Be it resolved: The 118th Congress must keep working on mental health

The 117th Congress ended in December with a bipartisan funding package that advanced the nation’s mental health care system. As the new Congress begins, addressing mental health remains one area of ​​bipartisan agreement and focus. And more action is desperately needed as the country faces a growing mental health emergency.

The lingering effects of the pandemic and the lack of adequate mental health infrastructure have brought us to a crisis point. Mental health care is expensive and difficult to access for people across the country due to structural and regulatory barriers. Substance use disorders are at an epidemic level, with high death rates caused by powerful drugs like fentanyl. The youth mental health crisis is growing, and the Surgeon General has called for urgent action. People are feeling higher levels of stress than this time last year, with 64% of young people feeling that the world is more stressful now than when their parents were their age. Americans are affected by these challenges, regardless of their pastime, location, or background.

Representing service providers and people affected by mental illness, the American Psychiatric Association and the National Alliance on Mental Illness identified areas where the administration and Congress can build on the 2022 momentum.

  • There are not enough psychiatrists and other mental health practitioners to meet the demand, with more than 150 million Americans living in an area with a shortage of mental health providers. Last year, Congress provided 100 graduate medical education (GME) slots for psychiatry. But this should be seen as an advance to erase the labor shortage. Congress should also consider strengthening the use of peer support specialists and providing loan repayment for psychiatrists to practice in areas of health care shortages, such as the current substance use disorder program.
  • 988 Suicide and Crisis Lifeline became available nationwide last July, providing millions of Americans with access to emergency mental health help. Since the new number went online, demand has increased by 40 percent over the previous year. We need to raise awareness, because only 14 percent of Americans were familiar with the 988 line (in October). While 29 states have increased funding for crisis services, only five have passed legislation to sustainably fund call centers and support services, such as mobile crisis teams and crisis stabilization centers. Congress can support these efforts with increased grants and technical assistance.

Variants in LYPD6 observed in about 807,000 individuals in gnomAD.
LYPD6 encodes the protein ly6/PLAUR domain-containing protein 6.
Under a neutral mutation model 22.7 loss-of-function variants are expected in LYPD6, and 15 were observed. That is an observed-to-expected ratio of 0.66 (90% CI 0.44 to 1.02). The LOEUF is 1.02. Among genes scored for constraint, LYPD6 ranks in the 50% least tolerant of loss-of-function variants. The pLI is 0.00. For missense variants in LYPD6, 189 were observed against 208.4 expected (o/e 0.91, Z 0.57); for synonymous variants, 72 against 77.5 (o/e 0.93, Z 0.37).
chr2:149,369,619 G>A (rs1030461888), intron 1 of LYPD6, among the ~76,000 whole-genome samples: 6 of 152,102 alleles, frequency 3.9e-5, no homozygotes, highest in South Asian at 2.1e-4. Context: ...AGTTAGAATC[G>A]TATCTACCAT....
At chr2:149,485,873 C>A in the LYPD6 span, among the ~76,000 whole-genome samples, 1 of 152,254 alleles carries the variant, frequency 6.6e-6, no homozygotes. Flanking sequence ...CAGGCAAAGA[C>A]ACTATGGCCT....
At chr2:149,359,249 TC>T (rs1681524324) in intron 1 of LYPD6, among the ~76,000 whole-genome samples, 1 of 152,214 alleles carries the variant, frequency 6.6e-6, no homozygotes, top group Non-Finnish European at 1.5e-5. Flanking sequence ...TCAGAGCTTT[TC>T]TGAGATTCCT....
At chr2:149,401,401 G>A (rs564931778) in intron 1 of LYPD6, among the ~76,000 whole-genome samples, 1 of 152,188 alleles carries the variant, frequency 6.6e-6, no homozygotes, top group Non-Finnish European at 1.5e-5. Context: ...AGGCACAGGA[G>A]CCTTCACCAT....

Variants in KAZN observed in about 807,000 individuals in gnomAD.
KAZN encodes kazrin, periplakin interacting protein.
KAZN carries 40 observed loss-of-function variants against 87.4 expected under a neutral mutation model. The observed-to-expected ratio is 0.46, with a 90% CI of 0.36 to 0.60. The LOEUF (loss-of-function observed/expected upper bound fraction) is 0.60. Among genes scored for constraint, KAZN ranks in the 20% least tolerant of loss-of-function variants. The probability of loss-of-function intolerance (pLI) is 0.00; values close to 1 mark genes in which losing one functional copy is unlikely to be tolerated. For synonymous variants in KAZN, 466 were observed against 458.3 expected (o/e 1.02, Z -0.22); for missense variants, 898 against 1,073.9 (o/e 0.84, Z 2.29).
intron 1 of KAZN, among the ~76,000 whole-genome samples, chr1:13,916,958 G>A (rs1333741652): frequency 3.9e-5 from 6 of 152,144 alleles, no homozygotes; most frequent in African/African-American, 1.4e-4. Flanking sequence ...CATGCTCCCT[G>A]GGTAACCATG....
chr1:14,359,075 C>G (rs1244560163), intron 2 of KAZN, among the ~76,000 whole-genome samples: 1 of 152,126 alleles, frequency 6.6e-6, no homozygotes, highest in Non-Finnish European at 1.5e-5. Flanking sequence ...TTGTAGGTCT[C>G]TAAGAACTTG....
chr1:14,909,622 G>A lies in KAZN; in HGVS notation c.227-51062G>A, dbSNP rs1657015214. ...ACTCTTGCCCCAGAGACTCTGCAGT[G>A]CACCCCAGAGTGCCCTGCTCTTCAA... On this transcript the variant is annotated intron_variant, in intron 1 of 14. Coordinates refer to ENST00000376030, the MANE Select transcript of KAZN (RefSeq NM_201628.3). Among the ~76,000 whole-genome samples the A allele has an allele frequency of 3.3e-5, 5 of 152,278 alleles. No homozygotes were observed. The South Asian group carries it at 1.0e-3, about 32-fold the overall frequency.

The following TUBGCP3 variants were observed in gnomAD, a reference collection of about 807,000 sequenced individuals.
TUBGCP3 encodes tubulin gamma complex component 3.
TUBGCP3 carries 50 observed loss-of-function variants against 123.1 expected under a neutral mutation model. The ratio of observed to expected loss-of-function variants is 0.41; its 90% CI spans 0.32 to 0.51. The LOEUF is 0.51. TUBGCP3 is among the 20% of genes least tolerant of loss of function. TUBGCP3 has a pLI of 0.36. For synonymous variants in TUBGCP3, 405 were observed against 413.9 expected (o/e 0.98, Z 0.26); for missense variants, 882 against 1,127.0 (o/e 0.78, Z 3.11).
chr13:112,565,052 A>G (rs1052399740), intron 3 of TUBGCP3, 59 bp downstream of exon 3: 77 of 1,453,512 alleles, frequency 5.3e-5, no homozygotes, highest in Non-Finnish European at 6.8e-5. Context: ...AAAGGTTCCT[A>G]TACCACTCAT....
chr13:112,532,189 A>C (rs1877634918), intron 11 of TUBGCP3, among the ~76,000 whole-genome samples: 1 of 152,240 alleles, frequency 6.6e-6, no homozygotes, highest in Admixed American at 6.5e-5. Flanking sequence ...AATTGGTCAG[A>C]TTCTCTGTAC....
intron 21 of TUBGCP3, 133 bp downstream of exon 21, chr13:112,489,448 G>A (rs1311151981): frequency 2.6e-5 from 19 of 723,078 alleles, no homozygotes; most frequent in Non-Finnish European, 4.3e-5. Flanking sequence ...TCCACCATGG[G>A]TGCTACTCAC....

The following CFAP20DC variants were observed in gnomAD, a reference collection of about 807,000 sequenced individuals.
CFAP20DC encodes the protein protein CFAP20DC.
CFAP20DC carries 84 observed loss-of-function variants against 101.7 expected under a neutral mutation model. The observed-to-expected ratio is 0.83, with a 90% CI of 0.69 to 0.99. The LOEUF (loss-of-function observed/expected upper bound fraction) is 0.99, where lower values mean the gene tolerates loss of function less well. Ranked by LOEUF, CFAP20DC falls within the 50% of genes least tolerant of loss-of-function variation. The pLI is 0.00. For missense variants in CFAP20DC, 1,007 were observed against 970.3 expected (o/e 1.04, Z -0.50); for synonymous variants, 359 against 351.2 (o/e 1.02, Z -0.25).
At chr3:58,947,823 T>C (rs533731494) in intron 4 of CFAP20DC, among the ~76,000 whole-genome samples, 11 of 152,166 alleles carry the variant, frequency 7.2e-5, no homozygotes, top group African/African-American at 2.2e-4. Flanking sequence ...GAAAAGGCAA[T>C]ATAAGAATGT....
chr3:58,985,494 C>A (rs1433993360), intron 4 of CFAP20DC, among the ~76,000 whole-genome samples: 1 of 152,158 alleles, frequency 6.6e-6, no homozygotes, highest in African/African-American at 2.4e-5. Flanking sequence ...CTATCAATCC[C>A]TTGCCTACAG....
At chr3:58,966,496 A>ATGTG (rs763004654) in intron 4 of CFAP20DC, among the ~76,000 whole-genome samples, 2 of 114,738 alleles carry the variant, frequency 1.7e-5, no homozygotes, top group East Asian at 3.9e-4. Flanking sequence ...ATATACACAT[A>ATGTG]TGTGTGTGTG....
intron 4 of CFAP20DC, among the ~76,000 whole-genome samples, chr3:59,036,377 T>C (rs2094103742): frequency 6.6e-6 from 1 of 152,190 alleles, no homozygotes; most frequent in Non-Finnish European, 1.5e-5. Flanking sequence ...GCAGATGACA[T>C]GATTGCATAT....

• Many people are protected by mental health parity law—meaning that insurance coverage for mental health and substance use care should be equal to coverage for other health conditions. However, implementation remains a challenge. Congress needs to increase enforcement.
  • At the start of the pandemic, Congress had the foresight to loosen restrictions on patient access to telehealth services and served as a lifeline for many seeking treatment for mental health and substance use disorders. The effectiveness of telehealth is clear, including patient satisfaction, clinical efficiency, and access to underserved areas. Congress extended current Medicare flexibilities through December 2024, but should remove uncertainty and make many telehealth flexibilities permanent.
  • Evidence supports the clinical benefits of integrating behavioral health with primary care. Congress recently approved grants and technical assistance for primary care physician practices to implement integrated care, and we encourage Congress to further encourage its adoption.
  • Research is critical to discovering more accurate diagnostics and innovative treatment options for people with mental health conditions. Mental illness remains the leading cause of disability in this country. Increased funding for the National Institute of Mental Health is urgently needed for research to improve treatment and reduce mental health disparities.
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Our nation is divided on many issues, but Americans want and desperately need help accessing care and treatment for mental health and substance use disorders. Nearly 8 in 10 Americans agree that access to mental health care needs to improve, and Congress can help. The new Congress has the opportunity to fully address this issue and improve the lives of millions of children, adults and their families by supporting these much-needed investments. We are committed to working with members of the 118th Congress to make progress in addressing our nation’s mental health crisis.

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Saul Levin, PhD, MPA, is a psychiatrist and the chief executive officer and medical director of the American Psychiatric Association (APA). Prior to assuming this role in October 2013, Dr. Levine led the District of Columbia Department of Health (DOH). Daniel Gillison, Jr. is the Chief Executive Officer of the National Alliance on Mental Illness (NAMI). Prior to his role at NAMI, Mr. Gillison was the Executive Director of the American Psychiatric Association Foundation (APAF).

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